New York Rangers start work on next season’s squad with limited cap space
When the New York Rangers inked center Filip Chytil to a four-year contract extension with an AAV of $4.4375 million, it was the first significant move to shaping next year’s roster.
Chytil, 23, is setting career-highs in all three major stat categories with 22 goals, 20 assists, and 42 points in 66 games and counting. The new deal has no type of trade protection and will take him to UFA status at the age of 27 in the summer of 2027.
The Blueshirts now have 14 players under contract for next season, and if the cap only goes up by the projected one million ($83.5M), it gives them just $12,373,809 per PuckPedia to sign multiple players.
Needless to say, that’s not ideal.
New York Rangers cap situation
The New York Rangers will have the following key players become restricted free agents in 2023:
- Alexis Lafrenière
- K’Andre Miller
- Libor Hajek (arbitration rights)
- Zac Jones
Let’s begin with Hajek, since I’m not even sure the Rangers would qualify him and probably trade his rights at the draft. As for Jones, he’s an intriguing piece that the organization appears to want to keep around. However, if Jones doesn’t see a future on the blue line next season he may ask for a trade.
One thing in all of this that’s abundantly clear, a bulk of the remaining cap space will go to extending both Lafreniere and Miller. Right now, your guess is as good as mine on what it will take to keep them. Both players are likely to get at least two-year bridge deals since they don’t have arbitration rights. For argument’s sake, let’s assume anywhere between $5-7 million will be used in order to make it happen.
That’s now 16 players under contract in 2023-24 with the need to sign at least four forwards, one defenseman, and a backup goalie with just about $6-7 million in cap room.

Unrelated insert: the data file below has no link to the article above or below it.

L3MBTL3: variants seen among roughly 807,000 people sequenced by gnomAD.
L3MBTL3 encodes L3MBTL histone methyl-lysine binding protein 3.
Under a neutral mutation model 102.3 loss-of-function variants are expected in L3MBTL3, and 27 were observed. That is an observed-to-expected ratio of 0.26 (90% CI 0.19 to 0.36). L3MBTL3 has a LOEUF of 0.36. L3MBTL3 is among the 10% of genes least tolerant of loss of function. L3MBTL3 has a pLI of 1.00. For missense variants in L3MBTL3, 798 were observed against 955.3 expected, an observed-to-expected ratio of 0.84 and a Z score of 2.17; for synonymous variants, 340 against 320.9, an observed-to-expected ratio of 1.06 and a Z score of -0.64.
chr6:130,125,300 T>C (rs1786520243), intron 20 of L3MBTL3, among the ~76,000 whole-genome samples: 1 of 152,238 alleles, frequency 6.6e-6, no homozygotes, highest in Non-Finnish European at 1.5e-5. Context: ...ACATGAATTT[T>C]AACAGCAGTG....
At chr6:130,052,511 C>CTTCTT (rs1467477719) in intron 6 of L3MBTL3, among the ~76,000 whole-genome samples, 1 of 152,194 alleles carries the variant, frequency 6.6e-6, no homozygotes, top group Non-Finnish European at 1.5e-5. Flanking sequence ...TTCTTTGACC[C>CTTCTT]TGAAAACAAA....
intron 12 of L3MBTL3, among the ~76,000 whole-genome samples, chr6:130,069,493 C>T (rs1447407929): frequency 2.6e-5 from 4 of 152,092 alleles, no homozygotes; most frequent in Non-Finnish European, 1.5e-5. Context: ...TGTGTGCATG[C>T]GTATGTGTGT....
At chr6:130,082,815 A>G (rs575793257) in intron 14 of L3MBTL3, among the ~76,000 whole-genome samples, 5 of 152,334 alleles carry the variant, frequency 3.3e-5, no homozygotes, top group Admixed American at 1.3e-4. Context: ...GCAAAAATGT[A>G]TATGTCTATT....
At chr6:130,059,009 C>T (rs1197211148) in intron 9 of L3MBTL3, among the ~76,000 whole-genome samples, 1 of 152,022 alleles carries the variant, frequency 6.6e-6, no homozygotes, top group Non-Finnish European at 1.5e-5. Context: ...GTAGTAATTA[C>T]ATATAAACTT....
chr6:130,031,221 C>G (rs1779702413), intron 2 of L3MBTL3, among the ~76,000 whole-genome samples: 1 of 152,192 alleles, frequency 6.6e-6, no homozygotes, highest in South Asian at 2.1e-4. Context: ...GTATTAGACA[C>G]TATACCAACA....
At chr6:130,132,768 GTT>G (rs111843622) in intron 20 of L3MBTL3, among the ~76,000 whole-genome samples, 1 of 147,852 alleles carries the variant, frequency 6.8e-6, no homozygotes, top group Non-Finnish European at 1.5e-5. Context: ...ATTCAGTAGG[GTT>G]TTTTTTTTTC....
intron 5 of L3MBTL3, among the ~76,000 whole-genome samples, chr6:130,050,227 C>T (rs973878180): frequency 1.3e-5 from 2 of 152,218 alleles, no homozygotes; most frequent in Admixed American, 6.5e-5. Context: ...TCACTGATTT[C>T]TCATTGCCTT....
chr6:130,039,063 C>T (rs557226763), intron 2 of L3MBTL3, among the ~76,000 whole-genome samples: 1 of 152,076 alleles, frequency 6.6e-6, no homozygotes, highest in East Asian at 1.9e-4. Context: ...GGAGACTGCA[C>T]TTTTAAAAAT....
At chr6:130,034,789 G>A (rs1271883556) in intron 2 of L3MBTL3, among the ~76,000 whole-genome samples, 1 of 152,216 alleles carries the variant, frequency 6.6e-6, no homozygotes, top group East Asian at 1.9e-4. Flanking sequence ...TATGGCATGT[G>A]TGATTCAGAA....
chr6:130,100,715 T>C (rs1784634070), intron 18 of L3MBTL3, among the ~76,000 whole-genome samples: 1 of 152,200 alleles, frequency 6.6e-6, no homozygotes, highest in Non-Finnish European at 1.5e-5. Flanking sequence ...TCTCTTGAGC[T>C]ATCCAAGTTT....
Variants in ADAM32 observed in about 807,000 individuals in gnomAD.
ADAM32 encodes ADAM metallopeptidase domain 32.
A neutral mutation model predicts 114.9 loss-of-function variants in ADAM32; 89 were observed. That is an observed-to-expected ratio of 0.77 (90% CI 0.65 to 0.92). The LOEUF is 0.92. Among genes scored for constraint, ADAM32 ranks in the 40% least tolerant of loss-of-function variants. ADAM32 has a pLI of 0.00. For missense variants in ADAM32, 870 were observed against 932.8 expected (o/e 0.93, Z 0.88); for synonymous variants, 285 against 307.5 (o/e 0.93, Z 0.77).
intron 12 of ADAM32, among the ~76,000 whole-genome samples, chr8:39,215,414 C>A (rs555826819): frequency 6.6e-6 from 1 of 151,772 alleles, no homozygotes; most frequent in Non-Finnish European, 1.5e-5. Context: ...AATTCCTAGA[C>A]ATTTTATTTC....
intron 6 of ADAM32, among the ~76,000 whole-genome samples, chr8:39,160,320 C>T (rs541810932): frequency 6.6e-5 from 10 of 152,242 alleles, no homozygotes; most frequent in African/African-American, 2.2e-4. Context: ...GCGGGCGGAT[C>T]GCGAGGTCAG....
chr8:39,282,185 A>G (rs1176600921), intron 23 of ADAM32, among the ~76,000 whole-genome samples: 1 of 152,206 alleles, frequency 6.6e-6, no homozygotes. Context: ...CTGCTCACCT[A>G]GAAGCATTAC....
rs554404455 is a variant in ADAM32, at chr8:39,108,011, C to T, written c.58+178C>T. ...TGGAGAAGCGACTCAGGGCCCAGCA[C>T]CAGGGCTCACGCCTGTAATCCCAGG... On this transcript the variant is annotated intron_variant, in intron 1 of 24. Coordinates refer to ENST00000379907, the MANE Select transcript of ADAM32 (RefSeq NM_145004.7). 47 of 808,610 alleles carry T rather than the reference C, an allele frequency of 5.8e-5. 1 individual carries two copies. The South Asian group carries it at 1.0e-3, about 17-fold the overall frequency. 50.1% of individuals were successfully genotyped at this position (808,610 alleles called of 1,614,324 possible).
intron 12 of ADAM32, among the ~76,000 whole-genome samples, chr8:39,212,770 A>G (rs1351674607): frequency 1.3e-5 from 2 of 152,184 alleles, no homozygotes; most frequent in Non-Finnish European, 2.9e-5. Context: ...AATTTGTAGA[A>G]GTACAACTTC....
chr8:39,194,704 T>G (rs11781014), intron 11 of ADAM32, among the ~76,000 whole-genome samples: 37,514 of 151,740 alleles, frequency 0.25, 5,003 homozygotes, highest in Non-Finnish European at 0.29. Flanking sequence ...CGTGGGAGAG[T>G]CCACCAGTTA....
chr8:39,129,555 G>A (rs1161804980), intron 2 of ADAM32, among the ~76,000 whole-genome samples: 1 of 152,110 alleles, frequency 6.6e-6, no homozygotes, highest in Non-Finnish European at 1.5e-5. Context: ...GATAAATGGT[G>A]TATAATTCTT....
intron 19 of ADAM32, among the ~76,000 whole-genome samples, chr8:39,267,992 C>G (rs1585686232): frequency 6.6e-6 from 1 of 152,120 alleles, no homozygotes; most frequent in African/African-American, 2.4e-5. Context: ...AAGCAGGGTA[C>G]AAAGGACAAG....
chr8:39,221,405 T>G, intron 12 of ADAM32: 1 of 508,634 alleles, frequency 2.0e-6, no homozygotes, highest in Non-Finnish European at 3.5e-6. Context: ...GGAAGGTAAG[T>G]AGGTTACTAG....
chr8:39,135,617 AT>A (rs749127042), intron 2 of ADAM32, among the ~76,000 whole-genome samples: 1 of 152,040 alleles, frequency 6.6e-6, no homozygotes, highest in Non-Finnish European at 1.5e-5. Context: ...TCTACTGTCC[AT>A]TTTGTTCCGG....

Not an envious task for President and GM Chris Drury. Especially when you know that it’s near impossible to go an entire season without having an extra forward/defenseman on the roster.
Where can the Rangers find more cap space?
Earlier this month, NHL commissioner Gary Bettman said there’s a chance the cap ceiling could go up to around $86.5 million based on current revenue projections. This is of course tied to escrow owed to the owners being paid in full.
The Rangers could certainly use that extra $3 million but for now can’t hope for a salary cap miracle.
There is some good news, the Rangers can fill a few of their holes next season with team friendly contracts already on the books.
Let’s start by promoting Louis Domingue and his $775,000 contract up from the Wolf Pack. Follow that with Will Cuylle ($828,333) making the team to replace pending UFA Tyler Motte on the fourth line. Top prospect Brennan Othmann ($894,167) will get a look at replacing pending UFA Vladimir Tarasenko. And on defense, promote Matthew Robertson ($797,500) to pair with Braden Schneider or sign Zac Jones to a bridge deal with an AAV of around $1.5 million if you want to let Niko Mikkola walk via free agency.
All of a sudden, the Rangers have solved their backup goaltending and defense needs, plus addressed some open forward spots for approximately $3.5 to $4 million in cap space.
That leaves them with around $3 to $3.5 million in space to ink two or three more forwards.
If the Rangers hope to have any chance in bringing back Patrick Kane on a discounted deal (if he would even take one), they will need that projected extra $3 million to hit. Otherwise, the logical choice is to move the one forward with limited trade protection.
As it stands, fourth line center Barclay Goodrow and his $3.6 million AAV is an obvious cap casualty. The Rangers could replace him with a youngster like Jake Leschyshyn ($766,667) or veteran Jonny Brodzinski ($762,500).
Honestly, even if the cap were to go up higher than projected this is a move the Rangers may make in order to keep the current top-nine intact as much as possible.
There’s a lot of work to do this summer, but the good news is that there’s plenty of roads for the Rangers to take to get there.
For now, the Rangers are focused on this season and winning a Stanley Cup. Although, it’s always wise to plan ahead.
Note: Salary cap data referenced in this article via CapFriendly and PuckPedia